A female firefighter could face the challenge of having protective gear made for men and experiencing gender discrimination or sexual harassment. In addition, it is difficult for women to meet the weight-lifting challenges set by many fire departments, a challenge many men fail each year. Getting protective gear that fits is a major issue, because a lot of firefighting gear is designed with the majority of users in mind, which are typically men. Gender discrimination and sexual harassment occur both accidentally and on purpose, sometimes making the workplace of a female firefighter a hostile and abusive place.
Protective gear is an important part of being a firefighter. A female firefighter usually cannot wear gear designed for men, though, because women tend to be slighter of build and shaped differently. It is also not an option to wear very ill-fitting protective gear because this may increase the likelihood of severe burns or even death. Poorly fitted gloves, boots, and coats are some challenges female firefighters report. A woman sometimes cannot reach certain pockets or hooks and may struggle to keep her face piece in the correct position.
Firefighting was once a field solely for men, but more women join as time passes and stereotypes are forgotten or put aside. Still, surveys indicate that women are denied promotions or training based on their gender. For example, one survey polled nearly 250 women, and 45 percent responded that they were treated differently and denied opportunities given to their male counterparts at least once. About half of the 45 percent stated that the problem is ongoing. The importance of gender equality tends to differ by region, however, so problems such as these may happen more or less often depending on location.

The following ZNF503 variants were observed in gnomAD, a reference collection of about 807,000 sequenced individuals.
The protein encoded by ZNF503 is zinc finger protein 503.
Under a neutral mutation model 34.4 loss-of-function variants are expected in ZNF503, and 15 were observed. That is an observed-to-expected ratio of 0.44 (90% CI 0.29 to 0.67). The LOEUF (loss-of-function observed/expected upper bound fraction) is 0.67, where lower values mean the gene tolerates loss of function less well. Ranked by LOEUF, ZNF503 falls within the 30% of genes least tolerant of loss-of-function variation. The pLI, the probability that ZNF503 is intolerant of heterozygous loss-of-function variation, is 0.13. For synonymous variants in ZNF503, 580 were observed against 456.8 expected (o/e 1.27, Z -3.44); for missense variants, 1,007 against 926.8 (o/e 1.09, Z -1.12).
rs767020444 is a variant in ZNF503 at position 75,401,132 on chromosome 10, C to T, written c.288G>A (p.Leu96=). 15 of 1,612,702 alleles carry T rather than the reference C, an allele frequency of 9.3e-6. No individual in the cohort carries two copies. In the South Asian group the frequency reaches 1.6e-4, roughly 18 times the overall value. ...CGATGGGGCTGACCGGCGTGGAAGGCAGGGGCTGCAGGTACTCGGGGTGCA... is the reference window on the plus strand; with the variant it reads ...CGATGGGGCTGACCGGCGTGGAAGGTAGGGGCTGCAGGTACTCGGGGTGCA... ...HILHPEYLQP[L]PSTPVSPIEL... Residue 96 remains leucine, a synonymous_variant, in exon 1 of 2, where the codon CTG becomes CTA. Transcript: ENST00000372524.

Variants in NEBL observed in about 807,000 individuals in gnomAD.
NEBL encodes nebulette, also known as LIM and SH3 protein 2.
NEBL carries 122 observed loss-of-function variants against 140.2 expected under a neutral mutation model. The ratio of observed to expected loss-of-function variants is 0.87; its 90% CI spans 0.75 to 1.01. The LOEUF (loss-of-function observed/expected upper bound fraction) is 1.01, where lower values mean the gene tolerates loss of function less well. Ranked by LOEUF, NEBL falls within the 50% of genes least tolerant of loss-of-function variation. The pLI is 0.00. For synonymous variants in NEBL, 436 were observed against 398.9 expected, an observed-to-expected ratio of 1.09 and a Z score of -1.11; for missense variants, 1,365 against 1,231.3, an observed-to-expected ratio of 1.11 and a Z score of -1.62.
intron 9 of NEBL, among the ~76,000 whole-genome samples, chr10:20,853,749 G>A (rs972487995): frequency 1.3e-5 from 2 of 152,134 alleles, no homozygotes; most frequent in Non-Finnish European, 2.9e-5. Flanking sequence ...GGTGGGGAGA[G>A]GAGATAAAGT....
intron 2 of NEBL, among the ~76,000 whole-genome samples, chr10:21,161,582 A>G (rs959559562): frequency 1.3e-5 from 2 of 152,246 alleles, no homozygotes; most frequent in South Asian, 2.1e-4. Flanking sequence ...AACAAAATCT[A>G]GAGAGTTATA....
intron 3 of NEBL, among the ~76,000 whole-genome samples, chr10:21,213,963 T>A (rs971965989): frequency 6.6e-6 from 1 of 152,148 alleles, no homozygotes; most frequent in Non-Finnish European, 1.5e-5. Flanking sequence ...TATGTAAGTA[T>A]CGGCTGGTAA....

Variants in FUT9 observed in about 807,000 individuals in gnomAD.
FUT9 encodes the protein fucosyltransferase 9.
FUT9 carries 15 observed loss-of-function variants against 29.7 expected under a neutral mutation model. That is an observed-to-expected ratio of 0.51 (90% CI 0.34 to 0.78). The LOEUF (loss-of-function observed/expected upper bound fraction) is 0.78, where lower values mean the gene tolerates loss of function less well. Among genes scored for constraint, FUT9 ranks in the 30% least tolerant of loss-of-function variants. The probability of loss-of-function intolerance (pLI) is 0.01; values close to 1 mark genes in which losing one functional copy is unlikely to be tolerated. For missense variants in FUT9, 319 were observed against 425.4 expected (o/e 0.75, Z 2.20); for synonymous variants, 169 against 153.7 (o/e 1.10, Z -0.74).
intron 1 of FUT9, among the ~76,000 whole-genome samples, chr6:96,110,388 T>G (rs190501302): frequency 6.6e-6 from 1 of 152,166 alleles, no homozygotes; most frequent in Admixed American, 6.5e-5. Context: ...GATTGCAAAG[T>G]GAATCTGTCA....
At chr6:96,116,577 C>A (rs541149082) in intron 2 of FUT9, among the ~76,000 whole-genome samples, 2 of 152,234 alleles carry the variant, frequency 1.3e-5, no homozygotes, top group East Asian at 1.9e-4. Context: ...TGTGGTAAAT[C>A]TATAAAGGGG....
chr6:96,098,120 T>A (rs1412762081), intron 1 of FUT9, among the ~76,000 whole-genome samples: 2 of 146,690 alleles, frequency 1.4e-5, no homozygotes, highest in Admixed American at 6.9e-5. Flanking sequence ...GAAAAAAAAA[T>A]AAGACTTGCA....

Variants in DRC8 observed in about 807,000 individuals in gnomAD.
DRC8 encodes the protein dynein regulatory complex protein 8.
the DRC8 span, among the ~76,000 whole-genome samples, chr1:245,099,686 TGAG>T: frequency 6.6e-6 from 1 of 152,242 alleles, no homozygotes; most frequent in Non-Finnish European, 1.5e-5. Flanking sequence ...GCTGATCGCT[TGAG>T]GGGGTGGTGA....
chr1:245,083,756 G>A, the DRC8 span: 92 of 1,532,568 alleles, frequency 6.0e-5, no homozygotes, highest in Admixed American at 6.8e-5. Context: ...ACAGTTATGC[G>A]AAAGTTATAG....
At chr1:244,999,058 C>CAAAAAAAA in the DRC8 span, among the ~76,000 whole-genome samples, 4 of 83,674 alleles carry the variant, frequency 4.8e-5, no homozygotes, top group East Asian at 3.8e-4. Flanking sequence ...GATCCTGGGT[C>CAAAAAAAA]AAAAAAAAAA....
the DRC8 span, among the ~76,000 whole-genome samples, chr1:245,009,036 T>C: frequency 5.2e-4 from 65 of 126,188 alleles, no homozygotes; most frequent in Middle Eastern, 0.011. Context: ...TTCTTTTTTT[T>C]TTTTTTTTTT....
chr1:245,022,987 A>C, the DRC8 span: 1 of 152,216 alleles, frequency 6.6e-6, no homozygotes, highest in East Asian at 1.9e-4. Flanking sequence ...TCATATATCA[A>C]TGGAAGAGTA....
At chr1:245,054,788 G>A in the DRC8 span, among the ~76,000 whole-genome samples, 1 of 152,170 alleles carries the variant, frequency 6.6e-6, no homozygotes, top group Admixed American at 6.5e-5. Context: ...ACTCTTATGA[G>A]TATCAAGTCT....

Reports of sexual harassment occur more frequently for female firefighters than men. For example, one survey observed that 88 percent of more than 500 female firefighters stated that they had experienced sexual harassment. Some events the survey polled for were not illegal, but still usually not acceptable by other workplace standards. Others include typically illegal acts such as unwelcome physical contact and demands and blackmail for sexual favors.
Lifting and pulling heavy objects is yet another special challenge usually faced by a female firefighter. A potential female firefighter can train for months and still not achieve the muscle needed to run in extremely heavy gear, lift special firefighting ladders, and do 75 push-ups on a bad day. The bulkiest men sometimes drop out of firefighting training programs due to how difficult they are. Weight restrictions make it even harder for women because they can sometimes require a potential female firefighter to gain weight in muscle.